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"I have a standard axiom: all governments lie. Don't believe anything they say. And corporations are only kinds of government."
- Frank Herbert

Photo-Electric Mosaic  
  A means of capturing astronomical images.  

James Weldon has succeeded, and succeeded amazingly. He has concentrated in his instrument the light-gathering properties of literally billions of infinitesimal photo-electric cells.

“He took a sheet of an electronegative alloy of his own contriving and, by a most ingenious process, deposited upon it ultramicroscopic globules of silver, each so tiny that its diameter is less than a single wave length of light. Silver is, of course, electropositive. Accordingly, when a beam of light falls upon this mosaic, a small electrical charge is built up on each of the countless little globules of deposited silver. Condensers store up these charges, which are directly proportional to the intensity of the original light beam, and the silver globule pattern thus formed represents an electrical image of the source of illumination.

“An electronic scanning beam, so narrow it covers only a single one of the ultramicroscopic silver beads at a time, sweeps at tremendous speed over the mosaic. This has the effect of discharging the silver-alloy photo-electric cells one by one, and releasing, simultaneously, the condenser charges. A current passes from the condenser, is stepped up and amplified enormously in like fashion, as in radio communication, and a visual image is reproduced in the form of light waves by another electronic beam and fluorescent screen. This magnification alone had been set at ten thousand times.

“Think of it ! Add this increase to the original magnification of the powerful 300-inch mirror on which the light from the distant stars has fallen, and you have a total magnification which runs to an incredible figure.”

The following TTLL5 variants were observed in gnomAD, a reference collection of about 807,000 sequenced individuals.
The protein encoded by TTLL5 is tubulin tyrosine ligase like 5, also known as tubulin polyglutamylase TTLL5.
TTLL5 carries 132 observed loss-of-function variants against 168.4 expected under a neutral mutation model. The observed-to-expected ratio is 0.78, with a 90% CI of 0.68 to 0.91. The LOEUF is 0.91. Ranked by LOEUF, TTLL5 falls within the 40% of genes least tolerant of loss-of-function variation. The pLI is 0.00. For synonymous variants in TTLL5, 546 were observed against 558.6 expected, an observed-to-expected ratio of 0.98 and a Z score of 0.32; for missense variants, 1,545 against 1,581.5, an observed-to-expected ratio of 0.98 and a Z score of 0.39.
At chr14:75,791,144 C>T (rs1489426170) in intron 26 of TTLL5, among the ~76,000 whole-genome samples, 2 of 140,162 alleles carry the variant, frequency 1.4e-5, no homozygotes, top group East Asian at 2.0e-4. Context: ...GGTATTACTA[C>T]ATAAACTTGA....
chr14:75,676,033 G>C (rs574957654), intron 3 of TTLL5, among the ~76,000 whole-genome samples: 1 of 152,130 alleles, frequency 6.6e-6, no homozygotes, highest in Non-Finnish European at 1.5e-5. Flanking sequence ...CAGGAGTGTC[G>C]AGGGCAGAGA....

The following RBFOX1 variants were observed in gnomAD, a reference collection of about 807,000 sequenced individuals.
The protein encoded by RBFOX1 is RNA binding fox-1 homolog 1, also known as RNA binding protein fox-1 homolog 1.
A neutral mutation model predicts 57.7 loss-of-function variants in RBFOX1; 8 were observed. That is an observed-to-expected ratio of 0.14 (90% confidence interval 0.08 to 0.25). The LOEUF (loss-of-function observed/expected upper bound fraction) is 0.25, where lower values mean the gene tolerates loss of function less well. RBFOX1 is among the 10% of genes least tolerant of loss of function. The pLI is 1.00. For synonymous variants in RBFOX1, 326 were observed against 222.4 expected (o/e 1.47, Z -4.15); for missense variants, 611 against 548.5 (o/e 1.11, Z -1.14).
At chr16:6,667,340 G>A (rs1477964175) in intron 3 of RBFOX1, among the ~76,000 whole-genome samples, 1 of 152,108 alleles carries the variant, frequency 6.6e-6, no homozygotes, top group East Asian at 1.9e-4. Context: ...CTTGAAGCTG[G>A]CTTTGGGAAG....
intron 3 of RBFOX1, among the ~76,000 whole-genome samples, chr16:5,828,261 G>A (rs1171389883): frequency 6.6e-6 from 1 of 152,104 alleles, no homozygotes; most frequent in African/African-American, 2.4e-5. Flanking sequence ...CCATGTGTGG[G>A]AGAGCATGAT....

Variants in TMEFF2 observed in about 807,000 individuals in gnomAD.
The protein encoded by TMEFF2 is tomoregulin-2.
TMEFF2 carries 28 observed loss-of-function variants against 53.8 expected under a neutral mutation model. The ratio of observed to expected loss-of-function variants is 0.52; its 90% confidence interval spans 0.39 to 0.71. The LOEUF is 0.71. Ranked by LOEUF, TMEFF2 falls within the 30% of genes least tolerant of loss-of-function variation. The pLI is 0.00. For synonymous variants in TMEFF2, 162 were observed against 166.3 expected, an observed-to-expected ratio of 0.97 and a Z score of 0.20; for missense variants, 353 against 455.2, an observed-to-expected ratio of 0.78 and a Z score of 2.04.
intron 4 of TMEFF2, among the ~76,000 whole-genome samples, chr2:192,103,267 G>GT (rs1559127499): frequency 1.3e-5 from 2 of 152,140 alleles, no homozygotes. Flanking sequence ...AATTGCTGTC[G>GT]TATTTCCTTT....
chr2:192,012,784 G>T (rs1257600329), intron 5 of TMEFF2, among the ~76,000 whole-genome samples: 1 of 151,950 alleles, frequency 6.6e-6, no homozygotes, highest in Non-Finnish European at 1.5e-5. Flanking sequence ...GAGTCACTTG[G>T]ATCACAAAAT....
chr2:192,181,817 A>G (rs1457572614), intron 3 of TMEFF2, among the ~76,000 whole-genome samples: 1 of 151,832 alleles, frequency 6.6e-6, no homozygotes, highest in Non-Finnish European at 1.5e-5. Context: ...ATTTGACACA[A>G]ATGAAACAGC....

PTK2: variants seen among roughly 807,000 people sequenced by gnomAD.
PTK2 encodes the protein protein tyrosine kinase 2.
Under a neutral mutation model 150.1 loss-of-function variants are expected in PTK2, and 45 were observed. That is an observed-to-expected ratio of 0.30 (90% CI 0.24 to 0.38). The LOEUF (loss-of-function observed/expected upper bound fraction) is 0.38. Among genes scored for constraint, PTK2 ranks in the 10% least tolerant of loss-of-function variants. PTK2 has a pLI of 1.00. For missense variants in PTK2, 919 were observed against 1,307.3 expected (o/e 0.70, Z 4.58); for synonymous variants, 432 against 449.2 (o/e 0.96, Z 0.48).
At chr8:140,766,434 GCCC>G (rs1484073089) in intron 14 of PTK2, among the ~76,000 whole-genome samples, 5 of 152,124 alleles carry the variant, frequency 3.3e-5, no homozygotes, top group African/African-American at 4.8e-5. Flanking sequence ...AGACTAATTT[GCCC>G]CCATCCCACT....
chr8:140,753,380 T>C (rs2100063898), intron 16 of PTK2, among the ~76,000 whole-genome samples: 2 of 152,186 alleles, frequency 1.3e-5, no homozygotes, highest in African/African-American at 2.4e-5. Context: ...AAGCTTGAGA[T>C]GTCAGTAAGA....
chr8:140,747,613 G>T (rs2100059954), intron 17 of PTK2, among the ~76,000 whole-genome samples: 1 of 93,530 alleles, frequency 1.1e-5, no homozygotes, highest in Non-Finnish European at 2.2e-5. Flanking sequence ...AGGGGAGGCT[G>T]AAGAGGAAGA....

From Beyond Which Limits, by Nat Schachner.
Published by Astounding Science Fiction in 1937
Additional resources -

The photoelectric mosaic idea was filed by Vladimir Zworykin in 1930 as a television camera element; the patent wasn't granted until 1941. Schachner can always be relied upon to multiply size and resolution to, well, astronomical proportions. Using it as a way to get astronomical images anticipates the use of CCDs, charge-coupled devices, which were not introduced until 1969.

Science fiction authors were quick to pounce on the photoelectric devices that started appearing in the 1930's; take a look at the Photoelectric Telescope (Photoelectric Eyes) from The Cometeers (1936) by Jack Williamson and the Photoelectric Course Warning from Out Around Rigel (1931) by Robert H. Wilson.

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Additional resources:
  More Ideas and Technology from Beyond Which Limits
  More Ideas and Technology by Nat Schachner
  Tech news articles related to Beyond Which Limits
  Tech news articles related to works by Nat Schachner

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